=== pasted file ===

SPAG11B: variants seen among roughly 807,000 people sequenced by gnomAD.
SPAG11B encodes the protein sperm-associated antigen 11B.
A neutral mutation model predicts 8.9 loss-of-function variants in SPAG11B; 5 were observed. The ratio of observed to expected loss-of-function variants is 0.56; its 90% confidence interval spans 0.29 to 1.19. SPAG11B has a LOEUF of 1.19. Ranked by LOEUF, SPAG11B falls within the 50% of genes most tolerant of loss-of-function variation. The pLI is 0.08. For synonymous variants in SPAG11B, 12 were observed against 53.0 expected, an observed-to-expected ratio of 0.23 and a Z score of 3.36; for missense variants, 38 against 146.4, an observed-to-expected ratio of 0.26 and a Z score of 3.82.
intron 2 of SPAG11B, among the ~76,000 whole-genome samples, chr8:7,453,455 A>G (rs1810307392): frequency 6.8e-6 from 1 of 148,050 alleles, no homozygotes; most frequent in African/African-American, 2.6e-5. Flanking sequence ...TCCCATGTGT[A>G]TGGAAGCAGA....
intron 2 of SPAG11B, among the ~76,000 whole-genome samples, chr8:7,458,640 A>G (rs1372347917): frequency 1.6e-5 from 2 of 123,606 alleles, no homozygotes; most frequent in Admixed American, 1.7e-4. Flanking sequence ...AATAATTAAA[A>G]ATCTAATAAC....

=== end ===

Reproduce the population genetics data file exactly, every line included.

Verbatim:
SPAG11B: variants seen among roughly 807,000 people sequenced by gnomAD.
SPAG11B encodes the protein sperm-associated antigen 11B.
A neutral mutation model predicts 8.9 loss-of-function variants in SPAG11B; 5 were observed. The ratio of observed to expected loss-of-function variants is 0.56; its 90% confidence interval spans 0.29 to 1.19. SPAG11B has a LOEUF of 1.19. Ranked by LOEUF, SPAG11B falls within the 50% of genes most tolerant of loss-of-function variation. The pLI is 0.08. For synonymous variants in SPAG11B, 12 were observed against 53.0 expected, an observed-to-expected ratio of 0.23 and a Z score of 3.36; for missense variants, 38 against 146.4, an observed-to-expected ratio of 0.26 and a Z score of 3.82.
intron 2 of SPAG11B, among the ~76,000 whole-genome samples, chr8:7,453,455 A>G (rs1810307392): frequency 6.8e-6 from 1 of 148,050 alleles, no homozygotes; most frequent in African/African-American, 2.6e-5. Flanking sequence ...TCCCATGTGT[A>G]TGGAAGCAGA....
intron 2 of SPAG11B, among the ~76,000 whole-genome samples, chr8:7,458,640 A>G (rs1372347917): frequency 1.6e-5 from 2 of 123,606 alleles, no homozygotes; most frequent in Admixed American, 1.7e-4. Flanking sequence ...AATAATTAAA[A>G]ATCTAATAAC....